Both Loggly and Elasticsearch’s official documentations are pretty good. No confusion.
Logentries has some room to improve. Take .NET support for example. There is a section on their official website and there is also a documentation on GitHub. The doc on their official website is using the older settings name (LOGENTRIES_TOKEN and LOGENTRIES_ACCOUNT_KEY), while the doc on GitHub uses newer setting names (Logentries.Token and Logentries.AccountKey).
Community & Ecosystem
Elasticsearch has clear winner, although the three were born nearly the same time: Elasticsearch since 2010 (although its root, Lucene, has been around for 16 years); Loggly since 2009; Logentries since 2010.
Search them in StackOverflow and you will get:
Searching them in GitHub:
- Loggly: 47,592 code results and 235 repository results
- Logentries: 45,937 code results and 161 repository results
- Elasticsearch: 366,992 code results and 4,658 repository results
It’s not surprising why Elasticsearch has a much bigger/active community: Elasticsearch is an open source software and self-hosted, while Loggly and Logentries are SaaS and closed source.
A plus for Logentries is that Logentries seems to provide better out-of-box integration with other services like Slack, HipChat, PagerDuty, etc. Loggly seems to have out-of-box integration with PagerDuty, but not HipChat or Slack. My quick search didn’t find any out-of-box integration of Elasticsearch with Slack, HipChat, etc., though I’m sure there are something ready for use in the community.
None of the three options is free, although Loggly and Logentries both offer a 30-day free trial period. After that, their entry level’s prices are:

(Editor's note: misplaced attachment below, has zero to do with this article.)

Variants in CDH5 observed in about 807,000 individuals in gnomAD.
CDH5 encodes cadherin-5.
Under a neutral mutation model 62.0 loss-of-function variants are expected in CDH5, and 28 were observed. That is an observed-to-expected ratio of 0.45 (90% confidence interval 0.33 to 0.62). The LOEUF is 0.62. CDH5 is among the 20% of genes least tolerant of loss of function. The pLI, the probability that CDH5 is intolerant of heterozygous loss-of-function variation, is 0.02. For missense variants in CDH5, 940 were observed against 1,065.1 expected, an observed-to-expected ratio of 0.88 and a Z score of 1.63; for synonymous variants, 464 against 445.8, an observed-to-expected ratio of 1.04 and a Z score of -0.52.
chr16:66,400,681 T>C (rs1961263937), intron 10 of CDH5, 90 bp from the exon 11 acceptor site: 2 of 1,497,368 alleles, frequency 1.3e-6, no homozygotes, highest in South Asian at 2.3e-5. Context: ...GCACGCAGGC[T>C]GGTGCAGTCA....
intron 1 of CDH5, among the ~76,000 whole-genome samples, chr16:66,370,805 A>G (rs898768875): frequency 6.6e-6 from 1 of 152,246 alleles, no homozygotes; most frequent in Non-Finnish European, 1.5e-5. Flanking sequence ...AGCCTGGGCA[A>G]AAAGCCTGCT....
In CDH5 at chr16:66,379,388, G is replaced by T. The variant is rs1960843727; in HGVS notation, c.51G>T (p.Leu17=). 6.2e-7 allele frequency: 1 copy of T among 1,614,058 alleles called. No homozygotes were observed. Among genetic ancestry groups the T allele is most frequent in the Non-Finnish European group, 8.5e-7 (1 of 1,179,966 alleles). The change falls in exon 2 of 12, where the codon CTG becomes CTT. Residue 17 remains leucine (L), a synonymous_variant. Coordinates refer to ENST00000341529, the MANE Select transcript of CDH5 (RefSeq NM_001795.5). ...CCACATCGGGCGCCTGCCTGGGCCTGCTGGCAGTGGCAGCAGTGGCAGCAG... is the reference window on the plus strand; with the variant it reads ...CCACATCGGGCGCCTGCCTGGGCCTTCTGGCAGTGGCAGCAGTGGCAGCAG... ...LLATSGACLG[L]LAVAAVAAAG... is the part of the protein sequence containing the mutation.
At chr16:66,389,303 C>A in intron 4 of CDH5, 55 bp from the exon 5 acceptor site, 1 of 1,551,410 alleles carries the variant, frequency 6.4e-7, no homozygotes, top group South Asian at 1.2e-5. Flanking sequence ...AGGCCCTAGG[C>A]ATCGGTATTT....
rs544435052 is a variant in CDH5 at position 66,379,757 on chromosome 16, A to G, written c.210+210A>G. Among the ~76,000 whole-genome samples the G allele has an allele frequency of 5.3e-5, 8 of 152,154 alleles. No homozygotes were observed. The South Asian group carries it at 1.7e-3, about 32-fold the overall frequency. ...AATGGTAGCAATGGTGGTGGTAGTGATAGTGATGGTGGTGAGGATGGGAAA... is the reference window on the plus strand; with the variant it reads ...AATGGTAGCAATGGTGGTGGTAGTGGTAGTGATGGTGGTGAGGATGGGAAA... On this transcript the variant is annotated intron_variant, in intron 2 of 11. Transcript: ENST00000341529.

- Loggly: $49/mo for 1GB/day and 7-day retention
- Logentries: $29/mo for 20GB/mo and 14 day retention
- Elasticsearch: $65/mo for a Basic tier A2 VM in Azure (2 cores, 3.5GB memory, 60GB disk)
Purely from cost saving perspective, if I were doing a side project, I would probably go for Logentries. In my current project, since Microsoft employees can use Azure for free (note: the charge goes to our department), a Linux VM running Elasticsearch+Kibana is for free to me.
As mentioned this recent article, “Picking a cloud log management service”, there are a couple other choices for a SaaS log management service providers, such as: Splunk, Sumo Logic and Papertrail. I agree with that article that Splunk seems overkill for small projects and Sumo Logic doesn’t seem to fit. Papertrail looks a lot like Loggly and Logentries. I will give it a try when I get chance, though I don’t expect Papertrail to show too much difference than Loggly and Logentries.
Last but not least, none of the three big public cloud providers provide a comprehensive SaaS log management service as Loggly and Logentries do.
- Amazon: AWS has the Amazon CloudWatch. But from what I read and confirmed by the Picking a cloud log management service article (written in Jan 2015), Amazon CloudWatch is only for EC2 instances.
- Google: The recently announced Google Cloud Logging looks like a SaaS log management service, but relatively primitive, compared to Loggly, Logentries and Elasticsearch/Kibana. Plus, it seems to only support sending log from application in Google App Engine and VMs in Google Compute Engine.
- Microsoft: Azure doesn’t seem to offer a log management service. Although a couple weeks ago as a part of the announcement of the new Azure App Service (which is kind of the v2 of Azure Websites), it provides the log collection, viewing and streaming.
It seems to be a common theme that Amazon, Google and Microsoft’s log management capability in their public cloud offering is only for the applications and VMs running in their own public cloud. That kind of lack of openness is a bit disappointing.
 Update 04/12/2015: The logging in Azure Application Insights should work for any .NET applications. It provides a log4net appender as well as a listerner for System.Diagnostics.Trace.